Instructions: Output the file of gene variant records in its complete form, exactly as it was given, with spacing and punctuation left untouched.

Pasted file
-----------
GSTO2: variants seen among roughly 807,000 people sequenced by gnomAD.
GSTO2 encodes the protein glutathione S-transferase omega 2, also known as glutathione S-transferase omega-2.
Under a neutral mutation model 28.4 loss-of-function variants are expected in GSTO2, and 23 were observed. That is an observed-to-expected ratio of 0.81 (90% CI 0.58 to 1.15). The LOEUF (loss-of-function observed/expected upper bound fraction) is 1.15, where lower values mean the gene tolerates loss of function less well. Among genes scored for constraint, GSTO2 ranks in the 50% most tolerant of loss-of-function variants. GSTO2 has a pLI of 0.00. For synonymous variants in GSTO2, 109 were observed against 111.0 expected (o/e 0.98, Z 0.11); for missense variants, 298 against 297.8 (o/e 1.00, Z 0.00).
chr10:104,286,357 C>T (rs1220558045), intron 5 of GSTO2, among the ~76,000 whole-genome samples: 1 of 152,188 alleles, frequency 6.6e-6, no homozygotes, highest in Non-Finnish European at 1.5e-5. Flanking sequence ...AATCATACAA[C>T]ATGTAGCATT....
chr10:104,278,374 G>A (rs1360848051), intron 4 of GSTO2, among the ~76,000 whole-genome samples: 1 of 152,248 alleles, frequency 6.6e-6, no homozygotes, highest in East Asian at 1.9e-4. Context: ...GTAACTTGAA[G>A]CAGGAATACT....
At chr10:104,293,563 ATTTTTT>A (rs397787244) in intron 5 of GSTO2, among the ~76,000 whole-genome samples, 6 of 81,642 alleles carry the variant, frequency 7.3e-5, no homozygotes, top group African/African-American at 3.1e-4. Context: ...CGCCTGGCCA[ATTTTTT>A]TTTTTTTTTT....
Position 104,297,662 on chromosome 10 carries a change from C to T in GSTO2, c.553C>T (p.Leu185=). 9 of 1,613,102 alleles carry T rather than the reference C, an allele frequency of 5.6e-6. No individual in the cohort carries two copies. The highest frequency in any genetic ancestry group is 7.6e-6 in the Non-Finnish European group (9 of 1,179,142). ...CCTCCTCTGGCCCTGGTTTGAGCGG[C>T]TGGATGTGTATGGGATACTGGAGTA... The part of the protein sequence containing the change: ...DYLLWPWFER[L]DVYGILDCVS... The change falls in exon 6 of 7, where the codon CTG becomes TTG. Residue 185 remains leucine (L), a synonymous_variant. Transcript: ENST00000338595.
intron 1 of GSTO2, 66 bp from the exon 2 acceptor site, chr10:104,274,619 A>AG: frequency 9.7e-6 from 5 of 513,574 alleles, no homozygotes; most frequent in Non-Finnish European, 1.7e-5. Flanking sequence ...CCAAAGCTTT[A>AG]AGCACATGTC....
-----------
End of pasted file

GSTO2: variants seen among roughly 807,000 people sequenced by gnomAD.
GSTO2 encodes the protein glutathione S-transferase omega 2, also known as glutathione S-transferase omega-2.
Under a neutral mutation model 28.4 loss-of-function variants are expected in GSTO2, and 23 were observed. That is an observed-to-expected ratio of 0.81 (90% CI 0.58 to 1.15). The LOEUF (loss-of-function observed/expected upper bound fraction) is 1.15, where lower values mean the gene tolerates loss of function less well. Among genes scored for constraint, GSTO2 ranks in the 50% most tolerant of loss-of-function variants. GSTO2 has a pLI of 0.00. For synonymous variants in GSTO2, 109 were observed against 111.0 expected (o/e 0.98, Z 0.11); for missense variants, 298 against 297.8 (o/e 1.00, Z 0.00).
chr10:104,286,357 C>T (rs1220558045), intron 5 of GSTO2, among the ~76,000 whole-genome samples: 1 of 152,188 alleles, frequency 6.6e-6, no homozygotes, highest in Non-Finnish European at 1.5e-5. Flanking sequence ...AATCATACAA[C>T]ATGTAGCATT....
chr10:104,278,374 G>A (rs1360848051), intron 4 of GSTO2, among the ~76,000 whole-genome samples: 1 of 152,248 alleles, frequency 6.6e-6, no homozygotes, highest in East Asian at 1.9e-4. Context: ...GTAACTTGAA[G>A]CAGGAATACT....
At chr10:104,293,563 ATTTTTT>A (rs397787244) in intron 5 of GSTO2, among the ~76,000 whole-genome samples, 6 of 81,642 alleles carry the variant, frequency 7.3e-5, no homozygotes, top group African/African-American at 3.1e-4. Context: ...CGCCTGGCCA[ATTTTTT>A]TTTTTTTTTT....
Position 104,297,662 on chromosome 10 carries a change from C to T in GSTO2, c.553C>T (p.Leu185=). 9 of 1,613,102 alleles carry T rather than the reference C, an allele frequency of 5.6e-6. No individual in the cohort carries two copies. The highest frequency in any genetic ancestry group is 7.6e-6 in the Non-Finnish European group (9 of 1,179,142). ...CCTCCTCTGGCCCTGGTTTGAGCGG[C>T]TGGATGTGTATGGGATACTGGAGTA... The part of the protein sequence containing the change: ...DYLLWPWFER[L]DVYGILDCVS... The change falls in exon 6 of 7, where the codon CTG becomes TTG. Residue 185 remains leucine (L), a synonymous_variant. Transcript: ENST00000338595.
intron 1 of GSTO2, 66 bp from the exon 2 acceptor site, chr10:104,274,619 A>AG: frequency 9.7e-6 from 5 of 513,574 alleles, no homozygotes; most frequent in Non-Finnish European, 1.7e-5. Flanking sequence ...CCAAAGCTTT[A>AG]AGCACATGTC....